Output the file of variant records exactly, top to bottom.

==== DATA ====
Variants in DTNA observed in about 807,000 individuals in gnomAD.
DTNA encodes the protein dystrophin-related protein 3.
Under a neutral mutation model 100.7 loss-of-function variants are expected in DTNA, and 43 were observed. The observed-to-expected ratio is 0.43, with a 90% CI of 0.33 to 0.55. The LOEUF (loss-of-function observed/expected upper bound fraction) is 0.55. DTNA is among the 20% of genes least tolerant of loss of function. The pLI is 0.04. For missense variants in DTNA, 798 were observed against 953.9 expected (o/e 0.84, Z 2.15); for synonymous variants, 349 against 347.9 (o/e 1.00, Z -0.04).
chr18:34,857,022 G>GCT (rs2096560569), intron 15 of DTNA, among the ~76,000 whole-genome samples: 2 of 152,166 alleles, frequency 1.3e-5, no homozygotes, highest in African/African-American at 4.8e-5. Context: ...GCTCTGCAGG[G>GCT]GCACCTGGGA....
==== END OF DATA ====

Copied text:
Variants in DTNA observed in about 807,000 individuals in gnomAD.
DTNA encodes the protein dystrophin-related protein 3.
Under a neutral mutation model 100.7 loss-of-function variants are expected in DTNA, and 43 were observed. The observed-to-expected ratio is 0.43, with a 90% CI of 0.33 to 0.55. The LOEUF (loss-of-function observed/expected upper bound fraction) is 0.55. DTNA is among the 20% of genes least tolerant of loss of function. The pLI is 0.04. For missense variants in DTNA, 798 were observed against 953.9 expected (o/e 0.84, Z 2.15); for synonymous variants, 349 against 347.9 (o/e 1.00, Z -0.04).
chr18:34,857,022 G>GCT (rs2096560569), intron 15 of DTNA, among the ~76,000 whole-genome samples: 2 of 152,166 alleles, frequency 1.3e-5, no homozygotes, highest in African/African-American at 4.8e-5. Context: ...GCTCTGCAGG[G>GCT]GCACCTGGGA....